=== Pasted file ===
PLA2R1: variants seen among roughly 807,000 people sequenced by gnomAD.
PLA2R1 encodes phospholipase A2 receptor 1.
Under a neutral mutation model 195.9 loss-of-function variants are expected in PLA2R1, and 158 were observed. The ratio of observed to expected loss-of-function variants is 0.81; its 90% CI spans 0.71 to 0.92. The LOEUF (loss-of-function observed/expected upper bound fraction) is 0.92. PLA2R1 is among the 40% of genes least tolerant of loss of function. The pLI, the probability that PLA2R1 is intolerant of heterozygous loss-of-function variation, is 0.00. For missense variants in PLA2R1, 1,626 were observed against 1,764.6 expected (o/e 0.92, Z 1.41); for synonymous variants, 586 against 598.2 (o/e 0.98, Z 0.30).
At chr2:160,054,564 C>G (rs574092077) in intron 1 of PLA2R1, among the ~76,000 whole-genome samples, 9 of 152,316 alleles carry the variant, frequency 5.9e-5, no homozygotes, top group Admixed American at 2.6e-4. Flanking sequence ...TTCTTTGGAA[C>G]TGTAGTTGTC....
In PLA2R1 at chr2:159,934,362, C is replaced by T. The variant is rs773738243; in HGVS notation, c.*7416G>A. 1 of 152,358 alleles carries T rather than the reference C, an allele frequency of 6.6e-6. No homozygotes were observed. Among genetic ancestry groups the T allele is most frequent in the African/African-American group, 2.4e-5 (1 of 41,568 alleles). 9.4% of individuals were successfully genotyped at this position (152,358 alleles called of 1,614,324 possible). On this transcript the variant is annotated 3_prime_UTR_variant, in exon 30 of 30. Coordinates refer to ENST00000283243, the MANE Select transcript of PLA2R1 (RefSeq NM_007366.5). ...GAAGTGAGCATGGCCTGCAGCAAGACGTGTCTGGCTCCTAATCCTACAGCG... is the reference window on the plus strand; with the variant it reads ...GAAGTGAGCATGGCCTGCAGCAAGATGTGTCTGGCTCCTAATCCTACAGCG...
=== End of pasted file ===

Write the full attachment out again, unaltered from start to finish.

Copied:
PLA2R1: variants seen among roughly 807,000 people sequenced by gnomAD.
PLA2R1 encodes phospholipase A2 receptor 1.
Under a neutral mutation model 195.9 loss-of-function variants are expected in PLA2R1, and 158 were observed. The ratio of observed to expected loss-of-function variants is 0.81; its 90% CI spans 0.71 to 0.92. The LOEUF (loss-of-function observed/expected upper bound fraction) is 0.92. PLA2R1 is among the 40% of genes least tolerant of loss of function. The pLI, the probability that PLA2R1 is intolerant of heterozygous loss-of-function variation, is 0.00. For missense variants in PLA2R1, 1,626 were observed against 1,764.6 expected (o/e 0.92, Z 1.41); for synonymous variants, 586 against 598.2 (o/e 0.98, Z 0.30).
At chr2:160,054,564 C>G (rs574092077) in intron 1 of PLA2R1, among the ~76,000 whole-genome samples, 9 of 152,316 alleles carry the variant, frequency 5.9e-5, no homozygotes, top group Admixed American at 2.6e-4. Flanking sequence ...TTCTTTGGAA[C>G]TGTAGTTGTC....
In PLA2R1 at chr2:159,934,362, C is replaced by T. The variant is rs773738243; in HGVS notation, c.*7416G>A. 1 of 152,358 alleles carries T rather than the reference C, an allele frequency of 6.6e-6. No homozygotes were observed. Among genetic ancestry groups the T allele is most frequent in the African/African-American group, 2.4e-5 (1 of 41,568 alleles). 9.4% of individuals were successfully genotyped at this position (152,358 alleles called of 1,614,324 possible). On this transcript the variant is annotated 3_prime_UTR_variant, in exon 30 of 30. Coordinates refer to ENST00000283243, the MANE Select transcript of PLA2R1 (RefSeq NM_007366.5). ...GAAGTGAGCATGGCCTGCAGCAAGACGTGTCTGGCTCCTAATCCTACAGCG... is the reference window on the plus strand; with the variant it reads ...GAAGTGAGCATGGCCTGCAGCAAGATGTGTCTGGCTCCTAATCCTACAGCG...